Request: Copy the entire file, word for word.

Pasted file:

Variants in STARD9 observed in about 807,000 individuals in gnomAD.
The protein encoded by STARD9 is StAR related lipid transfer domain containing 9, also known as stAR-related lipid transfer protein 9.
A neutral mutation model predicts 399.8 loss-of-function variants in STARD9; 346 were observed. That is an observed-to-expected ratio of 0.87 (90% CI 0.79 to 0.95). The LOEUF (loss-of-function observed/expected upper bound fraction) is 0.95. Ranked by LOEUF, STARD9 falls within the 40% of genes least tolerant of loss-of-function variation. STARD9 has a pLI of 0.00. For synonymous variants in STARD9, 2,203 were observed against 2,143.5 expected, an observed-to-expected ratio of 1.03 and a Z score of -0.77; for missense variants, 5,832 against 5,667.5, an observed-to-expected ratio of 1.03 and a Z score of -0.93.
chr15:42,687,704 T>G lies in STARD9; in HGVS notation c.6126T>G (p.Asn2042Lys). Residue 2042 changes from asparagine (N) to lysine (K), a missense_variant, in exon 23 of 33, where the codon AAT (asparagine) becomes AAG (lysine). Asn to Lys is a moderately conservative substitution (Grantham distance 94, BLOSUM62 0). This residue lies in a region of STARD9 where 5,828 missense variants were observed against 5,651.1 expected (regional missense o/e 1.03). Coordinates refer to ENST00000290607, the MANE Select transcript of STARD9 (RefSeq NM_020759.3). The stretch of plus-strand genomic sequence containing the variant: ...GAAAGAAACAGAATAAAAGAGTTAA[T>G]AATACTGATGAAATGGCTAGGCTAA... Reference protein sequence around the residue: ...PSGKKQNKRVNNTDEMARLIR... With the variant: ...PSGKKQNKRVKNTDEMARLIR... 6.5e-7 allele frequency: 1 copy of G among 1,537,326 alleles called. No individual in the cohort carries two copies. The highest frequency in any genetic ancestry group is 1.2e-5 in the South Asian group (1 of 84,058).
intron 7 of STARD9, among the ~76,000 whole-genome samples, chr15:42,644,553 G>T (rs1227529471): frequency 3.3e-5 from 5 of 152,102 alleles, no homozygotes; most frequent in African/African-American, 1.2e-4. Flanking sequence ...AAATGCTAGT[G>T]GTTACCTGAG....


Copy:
Variants in STARD9 observed in about 807,000 individuals in gnomAD.
The protein encoded by STARD9 is StAR related lipid transfer domain containing 9, also known as stAR-related lipid transfer protein 9.
A neutral mutation model predicts 399.8 loss-of-function variants in STARD9; 346 were observed. That is an observed-to-expected ratio of 0.87 (90% CI 0.79 to 0.95). The LOEUF (loss-of-function observed/expected upper bound fraction) is 0.95. Ranked by LOEUF, STARD9 falls within the 40% of genes least tolerant of loss-of-function variation. STARD9 has a pLI of 0.00. For synonymous variants in STARD9, 2,203 were observed against 2,143.5 expected, an observed-to-expected ratio of 1.03 and a Z score of -0.77; for missense variants, 5,832 against 5,667.5, an observed-to-expected ratio of 1.03 and a Z score of -0.93.
chr15:42,687,704 T>G lies in STARD9; in HGVS notation c.6126T>G (p.Asn2042Lys). Residue 2042 changes from asparagine (N) to lysine (K), a missense_variant, in exon 23 of 33, where the codon AAT (asparagine) becomes AAG (lysine). Asn to Lys is a moderately conservative substitution (Grantham distance 94, BLOSUM62 0). This residue lies in a region of STARD9 where 5,828 missense variants were observed against 5,651.1 expected (regional missense o/e 1.03). Coordinates refer to ENST00000290607, the MANE Select transcript of STARD9 (RefSeq NM_020759.3). The stretch of plus-strand genomic sequence containing the variant: ...GAAAGAAACAGAATAAAAGAGTTAA[T>G]AATACTGATGAAATGGCTAGGCTAA... Reference protein sequence around the residue: ...PSGKKQNKRVNNTDEMARLIR... With the variant: ...PSGKKQNKRVKNTDEMARLIR... 6.5e-7 allele frequency: 1 copy of G among 1,537,326 alleles called. No individual in the cohort carries two copies. The highest frequency in any genetic ancestry group is 1.2e-5 in the South Asian group (1 of 84,058).
intron 7 of STARD9, among the ~76,000 whole-genome samples, chr15:42,644,553 G>T (rs1227529471): frequency 3.3e-5 from 5 of 152,102 alleles, no homozygotes; most frequent in African/African-American, 1.2e-4. Flanking sequence ...AAATGCTAGT[G>T]GTTACCTGAG....